Partner Insight: The number of leading companies within emerging regions such as Asia is growing, potentially leaving behind the need for a distinction between 'emerging' and 'developed' markets in this area of the universe
Emerging markets are generally considered to be economies with lower income or GDP per capita, levels of industrialisation, general standards of living and technological infrastructure than developed countries.
However, over the last two decades the region has undergone a profound change, with large parts of the emerging market universe displaying developed market characteristics, such as higher standards of living, greater consumer spending power and more sophisticated technological developments.
Traditionally, investing in emerging markets has been perceived to carry much higher risks than developed stock markets and the two asset classes still occupy separate ‘buckets' in most investors' asset allocation processes. It may be time to rethink these rigid definitions however.
Changing sector composition
Emerging markets are often perceived as relying heavily on commodities and one worry for investors is that they will gain unwanted exposure to Brent crude by buying into an emerging market equities fund.
But the shift that has been taking place in the composition of the investment universe means equity exposure in emerging markets can now provide investors with access to the same sectors as they would expect to see in a developed country index.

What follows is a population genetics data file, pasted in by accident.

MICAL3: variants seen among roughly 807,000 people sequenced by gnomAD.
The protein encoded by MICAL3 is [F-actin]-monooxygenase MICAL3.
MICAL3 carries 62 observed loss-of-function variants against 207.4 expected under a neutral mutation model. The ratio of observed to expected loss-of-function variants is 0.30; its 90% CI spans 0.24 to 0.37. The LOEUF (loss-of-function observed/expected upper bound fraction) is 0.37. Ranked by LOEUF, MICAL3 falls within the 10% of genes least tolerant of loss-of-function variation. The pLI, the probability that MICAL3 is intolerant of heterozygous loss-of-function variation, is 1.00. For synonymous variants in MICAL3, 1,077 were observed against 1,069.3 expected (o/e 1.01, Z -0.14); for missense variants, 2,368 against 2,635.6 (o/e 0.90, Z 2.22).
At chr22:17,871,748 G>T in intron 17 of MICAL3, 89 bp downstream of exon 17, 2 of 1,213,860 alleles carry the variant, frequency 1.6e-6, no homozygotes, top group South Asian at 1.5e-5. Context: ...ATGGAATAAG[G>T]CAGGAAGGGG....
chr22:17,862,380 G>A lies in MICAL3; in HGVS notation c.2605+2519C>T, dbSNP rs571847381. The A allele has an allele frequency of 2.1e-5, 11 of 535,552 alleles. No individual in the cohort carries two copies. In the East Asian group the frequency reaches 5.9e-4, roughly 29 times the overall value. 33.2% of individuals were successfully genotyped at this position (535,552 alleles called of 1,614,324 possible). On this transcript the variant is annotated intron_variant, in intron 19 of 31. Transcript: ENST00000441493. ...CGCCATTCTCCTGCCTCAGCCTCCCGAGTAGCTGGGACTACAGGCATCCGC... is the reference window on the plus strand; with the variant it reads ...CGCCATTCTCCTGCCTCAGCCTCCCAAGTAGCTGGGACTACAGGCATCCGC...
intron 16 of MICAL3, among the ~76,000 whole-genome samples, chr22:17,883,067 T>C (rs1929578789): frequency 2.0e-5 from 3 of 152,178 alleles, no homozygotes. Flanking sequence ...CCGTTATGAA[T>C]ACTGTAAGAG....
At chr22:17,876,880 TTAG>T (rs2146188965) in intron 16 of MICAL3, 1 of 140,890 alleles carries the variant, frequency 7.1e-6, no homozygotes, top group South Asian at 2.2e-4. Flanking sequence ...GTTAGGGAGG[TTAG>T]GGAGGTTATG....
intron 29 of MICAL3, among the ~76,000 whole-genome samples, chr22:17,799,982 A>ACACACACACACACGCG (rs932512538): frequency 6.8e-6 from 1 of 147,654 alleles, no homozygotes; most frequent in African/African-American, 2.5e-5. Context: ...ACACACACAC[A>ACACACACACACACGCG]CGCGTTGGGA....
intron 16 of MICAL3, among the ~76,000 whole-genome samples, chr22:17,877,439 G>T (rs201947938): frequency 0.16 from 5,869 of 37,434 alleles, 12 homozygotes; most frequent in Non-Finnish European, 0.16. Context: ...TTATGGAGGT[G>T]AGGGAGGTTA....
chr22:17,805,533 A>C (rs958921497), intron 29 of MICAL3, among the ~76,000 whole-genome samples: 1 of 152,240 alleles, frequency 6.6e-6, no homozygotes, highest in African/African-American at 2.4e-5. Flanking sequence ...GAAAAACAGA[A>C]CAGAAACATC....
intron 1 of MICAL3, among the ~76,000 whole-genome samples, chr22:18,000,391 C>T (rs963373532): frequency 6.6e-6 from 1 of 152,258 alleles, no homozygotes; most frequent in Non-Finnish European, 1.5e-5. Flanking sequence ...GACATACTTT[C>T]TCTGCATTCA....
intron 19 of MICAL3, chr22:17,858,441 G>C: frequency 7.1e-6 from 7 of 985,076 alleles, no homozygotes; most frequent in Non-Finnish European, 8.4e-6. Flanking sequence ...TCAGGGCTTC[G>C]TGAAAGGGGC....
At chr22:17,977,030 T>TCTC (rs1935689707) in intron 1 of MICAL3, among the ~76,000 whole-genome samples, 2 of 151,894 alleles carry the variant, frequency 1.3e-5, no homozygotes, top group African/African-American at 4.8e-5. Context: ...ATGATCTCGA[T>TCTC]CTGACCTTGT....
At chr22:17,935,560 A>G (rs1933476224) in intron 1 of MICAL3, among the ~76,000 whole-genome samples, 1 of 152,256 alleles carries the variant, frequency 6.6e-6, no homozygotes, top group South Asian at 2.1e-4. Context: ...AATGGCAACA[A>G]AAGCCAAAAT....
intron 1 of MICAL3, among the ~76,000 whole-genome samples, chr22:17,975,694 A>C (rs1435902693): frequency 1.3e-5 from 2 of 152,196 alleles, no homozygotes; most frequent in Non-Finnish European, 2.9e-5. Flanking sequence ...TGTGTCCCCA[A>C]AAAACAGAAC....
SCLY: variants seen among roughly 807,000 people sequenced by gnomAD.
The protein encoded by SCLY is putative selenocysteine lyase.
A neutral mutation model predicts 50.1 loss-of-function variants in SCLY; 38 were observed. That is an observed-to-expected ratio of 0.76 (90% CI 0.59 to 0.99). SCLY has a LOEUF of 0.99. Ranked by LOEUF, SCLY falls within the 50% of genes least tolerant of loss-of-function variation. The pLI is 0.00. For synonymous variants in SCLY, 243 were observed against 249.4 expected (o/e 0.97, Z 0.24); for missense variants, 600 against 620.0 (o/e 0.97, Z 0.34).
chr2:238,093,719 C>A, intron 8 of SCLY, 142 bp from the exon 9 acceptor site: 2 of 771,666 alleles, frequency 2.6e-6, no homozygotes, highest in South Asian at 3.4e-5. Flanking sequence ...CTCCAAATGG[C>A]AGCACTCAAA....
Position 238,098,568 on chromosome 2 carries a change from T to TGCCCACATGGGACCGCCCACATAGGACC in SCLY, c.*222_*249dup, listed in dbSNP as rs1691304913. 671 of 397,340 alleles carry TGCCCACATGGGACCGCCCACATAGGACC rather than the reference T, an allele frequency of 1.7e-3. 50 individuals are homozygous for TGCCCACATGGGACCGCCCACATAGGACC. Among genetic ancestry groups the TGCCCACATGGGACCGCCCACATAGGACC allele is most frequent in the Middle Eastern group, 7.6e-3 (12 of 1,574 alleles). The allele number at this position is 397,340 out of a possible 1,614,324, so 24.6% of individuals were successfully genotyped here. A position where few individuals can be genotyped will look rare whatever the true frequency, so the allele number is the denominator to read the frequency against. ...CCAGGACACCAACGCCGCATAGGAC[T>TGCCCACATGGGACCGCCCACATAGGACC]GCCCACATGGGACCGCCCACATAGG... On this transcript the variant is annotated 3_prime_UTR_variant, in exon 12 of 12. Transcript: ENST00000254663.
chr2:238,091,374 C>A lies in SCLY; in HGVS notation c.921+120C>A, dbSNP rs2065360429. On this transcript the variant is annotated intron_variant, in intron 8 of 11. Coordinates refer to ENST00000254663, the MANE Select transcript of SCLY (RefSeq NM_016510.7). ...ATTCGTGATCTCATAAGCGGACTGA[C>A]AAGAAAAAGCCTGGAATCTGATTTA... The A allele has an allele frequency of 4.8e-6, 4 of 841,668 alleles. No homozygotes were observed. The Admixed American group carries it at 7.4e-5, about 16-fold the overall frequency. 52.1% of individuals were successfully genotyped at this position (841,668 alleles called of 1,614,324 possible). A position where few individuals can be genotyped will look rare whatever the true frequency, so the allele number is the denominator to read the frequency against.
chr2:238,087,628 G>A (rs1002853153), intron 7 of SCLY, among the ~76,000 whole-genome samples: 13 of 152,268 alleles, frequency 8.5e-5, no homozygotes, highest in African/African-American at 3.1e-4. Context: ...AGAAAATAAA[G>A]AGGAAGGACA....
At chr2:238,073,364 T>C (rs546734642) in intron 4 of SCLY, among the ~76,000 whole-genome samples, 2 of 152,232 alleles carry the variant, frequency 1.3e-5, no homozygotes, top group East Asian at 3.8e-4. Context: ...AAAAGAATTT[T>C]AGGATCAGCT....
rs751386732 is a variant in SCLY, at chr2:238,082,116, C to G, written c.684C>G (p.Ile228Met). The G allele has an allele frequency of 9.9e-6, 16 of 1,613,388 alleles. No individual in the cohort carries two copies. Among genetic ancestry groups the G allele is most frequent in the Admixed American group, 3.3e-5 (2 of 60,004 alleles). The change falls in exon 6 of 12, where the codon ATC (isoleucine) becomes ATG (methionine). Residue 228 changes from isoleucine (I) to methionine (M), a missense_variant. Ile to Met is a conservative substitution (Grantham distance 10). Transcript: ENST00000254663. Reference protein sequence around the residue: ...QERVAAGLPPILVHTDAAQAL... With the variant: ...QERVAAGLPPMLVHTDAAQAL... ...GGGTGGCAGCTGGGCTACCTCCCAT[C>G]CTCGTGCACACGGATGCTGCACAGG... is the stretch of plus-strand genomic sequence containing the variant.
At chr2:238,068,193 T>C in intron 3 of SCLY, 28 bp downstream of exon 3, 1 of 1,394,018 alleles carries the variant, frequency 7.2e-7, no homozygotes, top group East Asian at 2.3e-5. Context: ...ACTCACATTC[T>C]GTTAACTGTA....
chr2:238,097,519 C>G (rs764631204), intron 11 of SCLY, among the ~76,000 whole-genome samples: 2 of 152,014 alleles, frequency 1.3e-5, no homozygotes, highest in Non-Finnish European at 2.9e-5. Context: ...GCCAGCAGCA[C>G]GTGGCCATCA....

Ross Teverson, Fund Manager of the Jupiter Global Emerging Markets Fund, says: "The whole emerging markets region has changed quite a bit, but one of the key changes has been that their dependence on commodities has reduced… I would describe that as a more diversified and more sustainable picture in emerging markets today."
Meanwhile, though the whole region has developed over those 30 years, the evolution of emerging economies in Asia means many are today competing particularly strongly with the traditional ‘developed' world.
For example, there are today more world leaders among Asian companies than ever before, while traditionally this would have been seen as a space reserved for developed market businesses. This is particularly the case for a number of large-cap stocks, which are today leaders in their field in a similar vein to many developed markets.
Jason Pidcock, Head of Strategy for Asian Income, explains: "Today, there are companies in Asia that we can quite comfortably admit are the best in the world at what they do. For example, there are lots of companies in North Asia in particular, where even if they are only operating in one country like China, they are very large, very liquid and very investible."
Click here to read the full article from the exclusive Guide to Emerging Markets, Asia and Japan from Jupiter Asset Management